A brief conversation with Almighty God

The day began in clarity.

“Good morning, world! Thank you for the rest,” he cried. “You know who I am; I know who I am. I’m glad we had this chat; let’s get down to business.”

Harmonies poured from his soul — answers snapped to his fingers — his mind and body answered the call. This would be a good day. The doubt that often nagged him was today a minor nudge, and a little bit of anxiety never crippled anyone. In fact, he could shape a little bit of anxiety into a ball of excitement and hurl it like a knuckleball at a befuddled batter.

“To what do I owe this jubilant feeling?” he said with a satisfied smile.

“To whom,” boomed the voice of God.

“Oh,” he said. “Hello.”

“I have to say I am feeling — shall we say — neglected,” God said. “And, I might remind you, I am a jealous God.”

“Pshaw. You’re a loving God, a forgiving God,” he said.

There was a poignant pause. Then God smiled at him.

“Got me,” God said.

And off he went, God willing, to do good stuff.

Tired of being afraid? Yeah, me, too

I’ve been writing to myself, “Today I’m going to stop procrastinating and get it done,” for so long that I laugh at myself every time I write it.

I am the king of procrastinators. Which is greater, my fear of living or my fear of procrastinating into the grave?

Wait, what was that book I wrote? Oh, yeah: Refuse to be Afraid.

I confess, in there, that the process of publishing the darn book included getting over my procrastination and my fear of publishing it. I needed to read the book as much as I needed to publish it.

Choose your fear. Then, pick it up by the scruff of the neck, give it a good shake, and drop it in the trash bin.

Continue reading “Tired of being afraid? Yeah, me, too”

Add to the beauty

I am approaching the end of another journal; this one has taken something more than just two months to fill, and I looked back to the early pages to find something I’ve already shared that bears repeating:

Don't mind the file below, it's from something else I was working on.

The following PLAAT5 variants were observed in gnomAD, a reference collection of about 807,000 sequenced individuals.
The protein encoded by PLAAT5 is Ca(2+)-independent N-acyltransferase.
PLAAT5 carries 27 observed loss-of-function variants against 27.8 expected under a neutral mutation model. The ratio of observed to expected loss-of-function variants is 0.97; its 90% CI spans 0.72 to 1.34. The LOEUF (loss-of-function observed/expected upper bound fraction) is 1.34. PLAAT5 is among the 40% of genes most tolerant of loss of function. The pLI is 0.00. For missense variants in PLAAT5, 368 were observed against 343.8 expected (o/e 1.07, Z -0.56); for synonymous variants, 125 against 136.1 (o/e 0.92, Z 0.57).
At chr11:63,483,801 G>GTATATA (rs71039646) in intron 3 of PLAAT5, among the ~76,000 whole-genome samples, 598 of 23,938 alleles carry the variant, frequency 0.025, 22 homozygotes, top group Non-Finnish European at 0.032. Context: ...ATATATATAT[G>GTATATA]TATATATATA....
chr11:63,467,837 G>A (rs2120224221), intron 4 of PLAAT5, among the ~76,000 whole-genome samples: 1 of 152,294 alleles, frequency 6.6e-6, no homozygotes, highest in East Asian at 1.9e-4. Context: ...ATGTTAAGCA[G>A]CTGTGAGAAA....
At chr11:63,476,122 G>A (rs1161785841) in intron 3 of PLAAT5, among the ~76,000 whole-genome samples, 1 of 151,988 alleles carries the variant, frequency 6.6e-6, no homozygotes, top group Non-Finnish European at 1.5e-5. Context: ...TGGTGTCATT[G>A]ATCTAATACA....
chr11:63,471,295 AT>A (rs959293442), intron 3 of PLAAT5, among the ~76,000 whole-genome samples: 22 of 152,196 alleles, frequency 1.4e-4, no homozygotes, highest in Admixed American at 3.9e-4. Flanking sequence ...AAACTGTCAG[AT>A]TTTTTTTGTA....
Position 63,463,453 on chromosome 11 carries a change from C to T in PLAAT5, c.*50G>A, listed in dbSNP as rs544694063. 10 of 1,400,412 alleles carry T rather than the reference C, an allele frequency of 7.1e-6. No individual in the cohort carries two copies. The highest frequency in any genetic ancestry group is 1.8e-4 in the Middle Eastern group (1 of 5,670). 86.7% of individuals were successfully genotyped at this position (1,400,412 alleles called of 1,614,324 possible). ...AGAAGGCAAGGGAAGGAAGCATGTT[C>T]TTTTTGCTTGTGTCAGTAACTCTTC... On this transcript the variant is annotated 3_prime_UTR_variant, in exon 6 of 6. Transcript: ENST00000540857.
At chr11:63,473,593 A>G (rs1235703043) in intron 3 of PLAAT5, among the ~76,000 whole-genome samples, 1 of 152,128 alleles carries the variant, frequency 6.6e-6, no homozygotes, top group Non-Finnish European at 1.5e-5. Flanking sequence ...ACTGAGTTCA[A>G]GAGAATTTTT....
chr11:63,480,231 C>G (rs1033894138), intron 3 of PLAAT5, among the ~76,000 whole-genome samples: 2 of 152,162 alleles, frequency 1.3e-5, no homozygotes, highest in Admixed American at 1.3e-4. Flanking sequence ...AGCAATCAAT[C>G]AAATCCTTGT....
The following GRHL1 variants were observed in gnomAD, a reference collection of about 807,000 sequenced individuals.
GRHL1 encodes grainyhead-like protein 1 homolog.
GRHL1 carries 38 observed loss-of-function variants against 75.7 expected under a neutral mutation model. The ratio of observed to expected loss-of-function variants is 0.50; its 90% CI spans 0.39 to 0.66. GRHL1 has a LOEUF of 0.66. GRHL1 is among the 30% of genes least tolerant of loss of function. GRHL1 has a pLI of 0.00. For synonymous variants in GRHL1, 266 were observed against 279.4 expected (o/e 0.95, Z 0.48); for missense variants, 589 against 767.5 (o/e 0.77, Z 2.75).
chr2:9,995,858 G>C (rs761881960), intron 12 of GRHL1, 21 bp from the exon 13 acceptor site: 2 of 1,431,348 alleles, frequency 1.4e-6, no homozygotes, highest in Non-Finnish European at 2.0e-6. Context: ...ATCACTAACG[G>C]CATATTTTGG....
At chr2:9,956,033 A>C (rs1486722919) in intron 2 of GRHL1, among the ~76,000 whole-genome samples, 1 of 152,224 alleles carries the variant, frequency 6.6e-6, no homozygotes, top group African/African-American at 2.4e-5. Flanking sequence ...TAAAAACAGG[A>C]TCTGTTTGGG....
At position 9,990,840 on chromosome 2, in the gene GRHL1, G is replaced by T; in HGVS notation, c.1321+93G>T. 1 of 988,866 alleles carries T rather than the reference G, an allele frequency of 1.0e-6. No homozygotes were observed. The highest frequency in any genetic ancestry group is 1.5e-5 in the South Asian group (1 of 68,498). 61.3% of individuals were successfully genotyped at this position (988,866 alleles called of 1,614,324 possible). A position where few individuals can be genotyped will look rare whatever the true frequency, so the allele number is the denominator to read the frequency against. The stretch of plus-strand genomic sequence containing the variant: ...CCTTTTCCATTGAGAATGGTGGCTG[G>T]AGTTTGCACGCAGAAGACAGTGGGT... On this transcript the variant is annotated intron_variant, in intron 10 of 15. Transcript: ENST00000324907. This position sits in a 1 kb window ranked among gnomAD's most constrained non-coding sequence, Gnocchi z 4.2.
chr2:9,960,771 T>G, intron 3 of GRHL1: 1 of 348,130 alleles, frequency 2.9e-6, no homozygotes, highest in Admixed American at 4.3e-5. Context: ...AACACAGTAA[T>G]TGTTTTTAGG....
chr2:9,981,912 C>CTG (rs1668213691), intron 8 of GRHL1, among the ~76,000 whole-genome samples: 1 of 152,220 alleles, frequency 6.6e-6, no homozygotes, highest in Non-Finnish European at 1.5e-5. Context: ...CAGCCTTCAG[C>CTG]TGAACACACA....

“Add to the beauty or add to the despair — each of us has two choices — more than two, actually, infinite choices — but each of us adds something every day.”

Each day is a series of givings and receivings. We give of ourselves, and we receive what others give. May our mutual goal be to add to the beauty with our giving.

Encourage in the face of despair.

Hold a light in the darkness.

Love in the face of hate.


There’s a rugged road, as Judee Sill sang. Meet it with hope, meet it with a stubborn intention to smooth the path for the next traveler coming along, a stubborn refusal to be ruffled by the potholes and cracks in the pavement.

Each of us adds something every day — may my contributions make it better.

An eternal question of poetics

Does it become a poem when
I     place     the     words     just     so  ?

Does poetry depend
upon spaces and

I hear poetry in an autumn breeze even if I describe it in a short paragraph, taking up all of the space between the margins.

Is it
any less
for the margins?

The secret place where stories are made

It’s written in the biggest letters of all the tiny signs around my writing station: HAVE FUN. Because I know it’s the most important message to myself. If the writing isn’t fun, it’s harder.

The easiest writing is when your heart of hearts is bouncing with glee, the story is pouring out of your fingers faster than they can type, because the fingers are connected to your brain, but the real feeling is in your heart — your chest is busting with energy from the amazing story coming out.

Continue reading “The secret place where stories are made”

What goes around hasn’t changed

“And here we are, poised between the two, between a dreadful reality and an unformed terror, trying to make such decisions as will avoid the tyranny of the very far right and the tyranny of the very far left, the two of which can often be seen coalescing into a tyranny pure and simple, with no qualifying adjective in front of it all.”

— Ray Bradbury, 1953

Notice the year that Bradbury wrote that.

Either nothing has changed, or what goes around comes around.

Or: Is “What goes around, comes around” another way of saying “Nothing has changed”?

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